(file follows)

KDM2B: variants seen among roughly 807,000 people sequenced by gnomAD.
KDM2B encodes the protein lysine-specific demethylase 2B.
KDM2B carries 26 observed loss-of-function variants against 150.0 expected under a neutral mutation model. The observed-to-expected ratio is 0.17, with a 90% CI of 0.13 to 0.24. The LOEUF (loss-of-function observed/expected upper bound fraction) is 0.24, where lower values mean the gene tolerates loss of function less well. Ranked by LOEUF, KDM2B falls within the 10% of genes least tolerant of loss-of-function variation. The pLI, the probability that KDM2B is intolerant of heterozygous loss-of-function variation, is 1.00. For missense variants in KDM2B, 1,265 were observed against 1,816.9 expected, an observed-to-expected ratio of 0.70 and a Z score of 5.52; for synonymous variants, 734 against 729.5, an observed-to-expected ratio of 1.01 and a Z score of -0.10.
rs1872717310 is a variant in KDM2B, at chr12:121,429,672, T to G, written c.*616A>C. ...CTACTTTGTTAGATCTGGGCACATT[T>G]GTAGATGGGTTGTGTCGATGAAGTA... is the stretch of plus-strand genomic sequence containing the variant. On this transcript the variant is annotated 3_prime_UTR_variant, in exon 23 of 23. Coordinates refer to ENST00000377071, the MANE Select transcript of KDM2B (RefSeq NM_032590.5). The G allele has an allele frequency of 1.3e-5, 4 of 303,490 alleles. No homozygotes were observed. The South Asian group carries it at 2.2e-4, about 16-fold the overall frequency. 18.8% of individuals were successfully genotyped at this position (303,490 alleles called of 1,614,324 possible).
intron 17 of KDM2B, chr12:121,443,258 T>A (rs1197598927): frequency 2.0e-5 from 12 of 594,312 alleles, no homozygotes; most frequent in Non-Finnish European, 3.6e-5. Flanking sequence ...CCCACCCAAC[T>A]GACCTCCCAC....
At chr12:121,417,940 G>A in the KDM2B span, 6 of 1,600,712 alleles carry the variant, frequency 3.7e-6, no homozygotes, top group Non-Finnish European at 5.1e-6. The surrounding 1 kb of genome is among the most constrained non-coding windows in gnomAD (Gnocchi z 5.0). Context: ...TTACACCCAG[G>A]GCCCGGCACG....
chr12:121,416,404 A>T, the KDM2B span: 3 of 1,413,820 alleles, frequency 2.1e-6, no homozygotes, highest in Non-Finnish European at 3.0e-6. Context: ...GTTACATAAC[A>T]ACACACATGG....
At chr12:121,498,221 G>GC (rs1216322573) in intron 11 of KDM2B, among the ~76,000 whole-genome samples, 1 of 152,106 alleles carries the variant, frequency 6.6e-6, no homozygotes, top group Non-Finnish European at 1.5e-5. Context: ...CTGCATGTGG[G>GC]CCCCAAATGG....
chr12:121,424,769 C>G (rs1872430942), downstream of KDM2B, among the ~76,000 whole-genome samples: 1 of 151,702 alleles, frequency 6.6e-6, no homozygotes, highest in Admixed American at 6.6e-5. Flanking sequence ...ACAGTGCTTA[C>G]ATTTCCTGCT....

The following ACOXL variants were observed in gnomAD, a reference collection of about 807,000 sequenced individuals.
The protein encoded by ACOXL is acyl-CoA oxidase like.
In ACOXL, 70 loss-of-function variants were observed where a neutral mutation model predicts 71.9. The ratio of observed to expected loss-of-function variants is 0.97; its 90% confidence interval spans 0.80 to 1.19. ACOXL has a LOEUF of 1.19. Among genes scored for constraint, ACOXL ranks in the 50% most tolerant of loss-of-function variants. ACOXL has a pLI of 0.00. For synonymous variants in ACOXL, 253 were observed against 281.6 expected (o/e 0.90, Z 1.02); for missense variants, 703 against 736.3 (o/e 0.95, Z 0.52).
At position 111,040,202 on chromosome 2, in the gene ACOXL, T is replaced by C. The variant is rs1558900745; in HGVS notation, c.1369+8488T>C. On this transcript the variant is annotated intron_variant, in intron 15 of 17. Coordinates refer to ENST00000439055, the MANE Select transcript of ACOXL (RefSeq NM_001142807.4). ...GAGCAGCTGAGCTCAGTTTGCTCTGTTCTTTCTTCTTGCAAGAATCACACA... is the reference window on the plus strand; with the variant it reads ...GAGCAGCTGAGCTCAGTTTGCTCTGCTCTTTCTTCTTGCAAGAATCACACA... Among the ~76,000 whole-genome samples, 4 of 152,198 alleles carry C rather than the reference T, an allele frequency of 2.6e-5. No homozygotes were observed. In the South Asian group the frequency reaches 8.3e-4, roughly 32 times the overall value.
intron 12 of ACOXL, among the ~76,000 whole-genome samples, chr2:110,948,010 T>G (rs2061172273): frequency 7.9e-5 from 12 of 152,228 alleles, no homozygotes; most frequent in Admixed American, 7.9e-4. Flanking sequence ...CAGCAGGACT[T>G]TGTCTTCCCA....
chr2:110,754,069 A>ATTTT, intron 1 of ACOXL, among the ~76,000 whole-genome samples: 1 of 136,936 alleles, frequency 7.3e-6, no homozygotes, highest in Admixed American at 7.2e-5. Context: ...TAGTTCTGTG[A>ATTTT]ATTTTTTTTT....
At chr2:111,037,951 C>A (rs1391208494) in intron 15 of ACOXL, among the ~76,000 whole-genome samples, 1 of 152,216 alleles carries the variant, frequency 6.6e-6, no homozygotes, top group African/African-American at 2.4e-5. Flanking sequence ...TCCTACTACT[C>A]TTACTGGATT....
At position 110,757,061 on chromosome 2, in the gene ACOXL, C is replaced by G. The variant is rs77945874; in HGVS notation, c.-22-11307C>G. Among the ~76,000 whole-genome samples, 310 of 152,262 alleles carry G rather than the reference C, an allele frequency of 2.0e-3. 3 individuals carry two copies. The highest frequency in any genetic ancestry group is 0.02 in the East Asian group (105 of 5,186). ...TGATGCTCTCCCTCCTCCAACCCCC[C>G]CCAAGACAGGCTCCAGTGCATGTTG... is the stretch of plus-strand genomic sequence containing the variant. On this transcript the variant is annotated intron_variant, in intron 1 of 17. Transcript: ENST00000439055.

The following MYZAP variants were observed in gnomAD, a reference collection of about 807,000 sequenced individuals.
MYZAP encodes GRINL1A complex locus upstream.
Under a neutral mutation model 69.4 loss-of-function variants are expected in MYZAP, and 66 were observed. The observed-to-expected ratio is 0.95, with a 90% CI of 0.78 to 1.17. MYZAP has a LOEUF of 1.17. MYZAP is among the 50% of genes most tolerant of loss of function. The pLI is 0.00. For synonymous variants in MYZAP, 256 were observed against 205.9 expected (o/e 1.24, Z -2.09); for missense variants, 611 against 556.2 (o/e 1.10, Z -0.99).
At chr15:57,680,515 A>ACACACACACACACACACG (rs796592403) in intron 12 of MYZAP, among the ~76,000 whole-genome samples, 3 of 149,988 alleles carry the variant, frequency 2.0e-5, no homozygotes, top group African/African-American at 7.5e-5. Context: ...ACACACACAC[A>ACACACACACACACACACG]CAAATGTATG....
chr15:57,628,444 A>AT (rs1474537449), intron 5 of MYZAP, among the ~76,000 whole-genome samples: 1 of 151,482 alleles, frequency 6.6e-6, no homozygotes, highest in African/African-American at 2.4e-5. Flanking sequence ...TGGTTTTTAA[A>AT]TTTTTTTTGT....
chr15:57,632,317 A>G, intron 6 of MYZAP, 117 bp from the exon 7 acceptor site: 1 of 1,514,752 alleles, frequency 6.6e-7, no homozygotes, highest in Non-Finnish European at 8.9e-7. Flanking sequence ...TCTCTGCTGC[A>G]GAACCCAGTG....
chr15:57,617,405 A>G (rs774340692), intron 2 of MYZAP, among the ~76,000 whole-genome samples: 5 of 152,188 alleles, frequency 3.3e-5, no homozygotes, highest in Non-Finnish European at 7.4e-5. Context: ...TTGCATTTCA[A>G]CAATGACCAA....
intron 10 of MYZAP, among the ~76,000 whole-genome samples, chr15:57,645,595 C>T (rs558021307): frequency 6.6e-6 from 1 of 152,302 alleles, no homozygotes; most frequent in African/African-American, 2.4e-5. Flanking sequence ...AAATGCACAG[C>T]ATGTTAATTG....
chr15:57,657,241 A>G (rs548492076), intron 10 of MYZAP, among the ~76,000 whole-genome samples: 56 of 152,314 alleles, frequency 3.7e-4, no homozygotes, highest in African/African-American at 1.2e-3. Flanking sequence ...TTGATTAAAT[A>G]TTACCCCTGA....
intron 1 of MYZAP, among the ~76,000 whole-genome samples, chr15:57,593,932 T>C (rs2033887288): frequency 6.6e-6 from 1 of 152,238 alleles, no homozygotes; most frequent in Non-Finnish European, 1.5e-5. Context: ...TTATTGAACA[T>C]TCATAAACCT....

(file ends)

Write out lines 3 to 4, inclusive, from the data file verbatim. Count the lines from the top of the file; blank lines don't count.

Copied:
KDM2B carries 26 observed loss-of-function variants against 150.0 expected under a neutral mutation model. The observed-to-expected ratio is 0.17, with a 90% CI of 0.13 to 0.24. The LOEUF (loss-of-function observed/expected upper bound fraction) is 0.24, where lower values mean the gene tolerates loss of function less well. Ranked by LOEUF, KDM2B falls within the 10% of genes least tolerant of loss-of-function variation. The pLI, the probability that KDM2B is intolerant of heterozygous loss-of-function variation, is 1.00. For missense variants in KDM2B, 1,265 were observed against 1,816.9 expected, an observed-to-expected ratio of 0.70 and a Z score of 5.52; for synonymous variants, 734 against 729.5, an observed-to-expected ratio of 1.01 and a Z score of -0.10.
rs1872717310 is a variant in KDM2B, at chr12:121,429,672, T to G, written c.*616A>C. ...CTACTTTGTTAGATCTGGGCACATT[T>G]GTAGATGGGTTGTGTCGATGAAGTA... is the stretch of plus-strand genomic sequence containing the variant. On this transcript the variant is annotated 3_prime_UTR_variant, in exon 23 of 23. Coordinates refer to ENST00000377071, the MANE Select transcript of KDM2B (RefSeq NM_032590.5). The G allele has an allele frequency of 1.3e-5, 4 of 303,490 alleles. No homozygotes were observed. The South Asian group carries it at 2.2e-4, about 16-fold the overall frequency. 18.8% of individuals were successfully genotyped at this position (303,490 alleles called of 1,614,324 possible).